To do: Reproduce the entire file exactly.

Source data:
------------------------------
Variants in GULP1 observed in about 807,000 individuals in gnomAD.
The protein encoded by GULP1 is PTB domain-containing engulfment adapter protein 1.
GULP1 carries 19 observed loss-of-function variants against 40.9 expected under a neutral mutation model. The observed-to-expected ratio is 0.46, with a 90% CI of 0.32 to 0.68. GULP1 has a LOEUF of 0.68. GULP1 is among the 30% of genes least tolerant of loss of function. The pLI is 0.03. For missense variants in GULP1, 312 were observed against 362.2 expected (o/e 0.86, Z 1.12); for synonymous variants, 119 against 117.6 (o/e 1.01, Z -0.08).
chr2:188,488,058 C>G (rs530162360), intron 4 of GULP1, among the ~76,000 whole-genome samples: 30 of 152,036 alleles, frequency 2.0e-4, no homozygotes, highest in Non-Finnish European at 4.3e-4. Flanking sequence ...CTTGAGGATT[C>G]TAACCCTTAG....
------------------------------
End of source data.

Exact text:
Variants in GULP1 observed in about 807,000 individuals in gnomAD.
The protein encoded by GULP1 is PTB domain-containing engulfment adapter protein 1.
GULP1 carries 19 observed loss-of-function variants against 40.9 expected under a neutral mutation model. The observed-to-expected ratio is 0.46, with a 90% CI of 0.32 to 0.68. GULP1 has a LOEUF of 0.68. GULP1 is among the 30% of genes least tolerant of loss of function. The pLI is 0.03. For missense variants in GULP1, 312 were observed against 362.2 expected (o/e 0.86, Z 1.12); for synonymous variants, 119 against 117.6 (o/e 1.01, Z -0.08).
chr2:188,488,058 C>G (rs530162360), intron 4 of GULP1, among the ~76,000 whole-genome samples: 30 of 152,036 alleles, frequency 2.0e-4, no homozygotes, highest in Non-Finnish European at 4.3e-4. Flanking sequence ...CTTGAGGATT[C>G]TAACCCTTAG....